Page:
Memphis — And Our Perennial Police Problem

“Look, life is nasty, brutish, and short, but you knew that when you became a caveman.”

“Nasty, brutish, and short” was Thomas Hobbes’s descriptor for life in a “state of nature,” the “war of all against all.” The answer was the social contract — giving the state a monopoly on violence, enforcing law and order, to protect us from each other. But then, the state itself can be predatory, the Hobbesian bargain become Faustian.

The political right has thus seen freedom as threatened by government. Most immediately embodied by the cop on the beat, armed by the state to enforce its dictates. So shouldn’t the right hate the police? Yet instead they fetishize police and “law and order.”

Police brutality is “law and order” gone overboard, violating citizens’ right to live in peace and safety, instead of protecting it. As we’ve seen now in Memphis. Cops beat Tyre Nichols to death with zero excuse. A sickening travesty of law and order, violating his freedom. Shouldn’t it be Republicans marching in protest?

But their professions of principle are trumped by culture, an us-against-them mindset. The “them” is non-whites, against whom they think police are bulwarks. Forgetting that what happened to Tyre Nichols can be done to anyone.

You might might think they’d especially be scared shitless when those cops are Black. Scary enough if the government is arming guys to go after citizens — but arming Black guys?

The five officers were swiftly fired and charged with murder. Contrasting with many other, more typically white-on-Black police brutality cases. Would the response have been different had those five cops been white?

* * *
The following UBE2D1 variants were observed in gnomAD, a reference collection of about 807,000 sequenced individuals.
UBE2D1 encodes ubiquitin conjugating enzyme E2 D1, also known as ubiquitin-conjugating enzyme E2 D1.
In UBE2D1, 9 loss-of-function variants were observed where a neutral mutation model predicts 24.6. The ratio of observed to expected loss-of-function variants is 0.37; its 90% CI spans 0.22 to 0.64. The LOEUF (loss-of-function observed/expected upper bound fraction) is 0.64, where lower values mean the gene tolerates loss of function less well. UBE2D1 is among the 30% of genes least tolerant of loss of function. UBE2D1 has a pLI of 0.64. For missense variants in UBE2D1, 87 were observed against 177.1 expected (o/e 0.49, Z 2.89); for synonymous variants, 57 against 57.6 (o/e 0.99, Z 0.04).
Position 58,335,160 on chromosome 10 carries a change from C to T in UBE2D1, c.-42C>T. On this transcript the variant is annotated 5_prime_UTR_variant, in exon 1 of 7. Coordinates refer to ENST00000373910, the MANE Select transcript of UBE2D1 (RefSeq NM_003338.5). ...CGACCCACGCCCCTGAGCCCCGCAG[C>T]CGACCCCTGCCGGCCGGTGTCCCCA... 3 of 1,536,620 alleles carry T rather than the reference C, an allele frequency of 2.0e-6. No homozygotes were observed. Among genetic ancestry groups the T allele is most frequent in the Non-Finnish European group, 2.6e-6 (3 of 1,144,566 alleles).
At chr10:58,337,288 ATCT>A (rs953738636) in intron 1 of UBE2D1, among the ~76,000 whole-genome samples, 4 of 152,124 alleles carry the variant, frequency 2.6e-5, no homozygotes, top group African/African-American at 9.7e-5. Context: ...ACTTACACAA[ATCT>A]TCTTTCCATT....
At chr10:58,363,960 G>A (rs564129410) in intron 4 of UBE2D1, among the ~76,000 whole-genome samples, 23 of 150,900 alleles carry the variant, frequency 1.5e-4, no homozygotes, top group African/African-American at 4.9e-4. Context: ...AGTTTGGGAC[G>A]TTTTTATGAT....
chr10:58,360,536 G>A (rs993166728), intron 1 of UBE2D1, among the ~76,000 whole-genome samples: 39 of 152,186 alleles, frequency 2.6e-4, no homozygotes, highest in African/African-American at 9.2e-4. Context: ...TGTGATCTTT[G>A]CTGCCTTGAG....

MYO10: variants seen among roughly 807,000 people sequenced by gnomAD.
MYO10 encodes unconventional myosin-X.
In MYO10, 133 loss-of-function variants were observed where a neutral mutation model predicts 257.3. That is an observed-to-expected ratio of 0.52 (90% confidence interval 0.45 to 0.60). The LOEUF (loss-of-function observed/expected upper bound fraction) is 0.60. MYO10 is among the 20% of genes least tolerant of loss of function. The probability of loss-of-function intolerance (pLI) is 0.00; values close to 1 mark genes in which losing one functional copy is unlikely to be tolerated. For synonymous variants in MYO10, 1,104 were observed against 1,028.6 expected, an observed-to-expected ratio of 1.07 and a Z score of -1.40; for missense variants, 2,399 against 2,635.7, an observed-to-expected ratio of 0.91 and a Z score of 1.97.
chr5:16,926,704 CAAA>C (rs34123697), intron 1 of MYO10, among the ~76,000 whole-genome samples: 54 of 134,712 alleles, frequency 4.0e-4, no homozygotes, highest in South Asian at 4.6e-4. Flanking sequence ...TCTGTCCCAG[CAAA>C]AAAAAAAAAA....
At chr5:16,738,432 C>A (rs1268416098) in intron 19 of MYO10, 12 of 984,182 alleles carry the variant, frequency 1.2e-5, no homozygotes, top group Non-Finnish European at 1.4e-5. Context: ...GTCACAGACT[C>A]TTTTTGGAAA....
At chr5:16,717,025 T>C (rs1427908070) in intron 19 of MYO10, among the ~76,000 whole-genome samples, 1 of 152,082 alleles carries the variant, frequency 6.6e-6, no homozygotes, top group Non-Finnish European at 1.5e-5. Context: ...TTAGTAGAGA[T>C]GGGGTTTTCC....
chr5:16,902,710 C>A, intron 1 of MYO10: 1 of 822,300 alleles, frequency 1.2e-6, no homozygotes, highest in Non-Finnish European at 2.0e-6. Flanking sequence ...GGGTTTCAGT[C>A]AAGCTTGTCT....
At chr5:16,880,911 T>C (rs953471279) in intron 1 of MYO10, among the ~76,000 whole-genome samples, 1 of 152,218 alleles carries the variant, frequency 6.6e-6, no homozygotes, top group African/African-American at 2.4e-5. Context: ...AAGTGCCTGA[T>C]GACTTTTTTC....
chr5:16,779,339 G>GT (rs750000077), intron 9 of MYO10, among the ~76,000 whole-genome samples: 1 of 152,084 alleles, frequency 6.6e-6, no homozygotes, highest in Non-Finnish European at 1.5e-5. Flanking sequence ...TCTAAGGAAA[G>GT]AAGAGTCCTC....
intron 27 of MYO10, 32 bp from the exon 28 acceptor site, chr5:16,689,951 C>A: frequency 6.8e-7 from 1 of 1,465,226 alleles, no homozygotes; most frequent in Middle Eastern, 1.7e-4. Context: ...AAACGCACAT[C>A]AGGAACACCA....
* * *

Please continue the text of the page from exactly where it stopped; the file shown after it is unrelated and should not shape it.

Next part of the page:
But procedures in Memphis for such cases differ from the U.S. norm, where systems, especially contracts negotiated by powerful police unions, are usually geared to protecting accused cops. That itself makes cops a threat to the citizenry.

Most are heroic public servants doing a very tough job. But that job also attracts the wrong sort, who get jollies swaggering with weapons and beating on folks. Statistics show it’s those same few bad apples who spoil the barrel with repeated transgressions. Eject those few and things would be far better. But the union contracts and other systemic protections make it hard to thusly clean house. In fact, six in ten cops who do get fired gain reinstatement. And many of the rest find law enforcement jobs elsewhere.

Part of the problem is a station house culture often promoting, again, an us-against-them mentality. And again the “them” are Blacks. Some cops see themselves as not so much representing law and order as engaged in combat with the very communities they’re supposed to be serving and protecting. So it’s not totally surprising that even Black officers did what they did to Nichols. Seeing him too as “them,” not a bro. Identifying more with their white fellow cops.

Yet it’s striking that they knew they were being videotaped from every direction. Bespeaking a sense of impunity. Not even imagining their behavior might be problematic. Like they were entitled to do it.

Not to mention the sheer inhumanity. Not just the cops but even the lackadaisical paramedics. Unconcerned whether Nichols lived or died.

As if he were some criminal, somehow deserving it. Yet his infractions were trivial, if he was even guilty of anything at all. Certainly not meriting capital punishment. But this points to another troubling facet. Black neighborhoods are often beset with serious crime, crying out for law enforcement’s protection. But that’s hampered by mistrust between police and communities. Engendered because police too often indiscriminately mess with people in those communities for minor stuff — as in the Nichols case — at the expense of devoting efforts to real crime.

The drug war is a huge factor here. It accomplishes nothing in terms of improving communities; makes them much much worse in a thousand ways. If we’d stop this futile misguided crusade to keep people from using drugs, vastly more police resources could be deployed against the kinds of real crimes — violence, shootings, murders, robberies, muggings, burglaries — that truly ravage communities. (In fact, a lot of those crimes would disappear if drugs weren’t illegal.)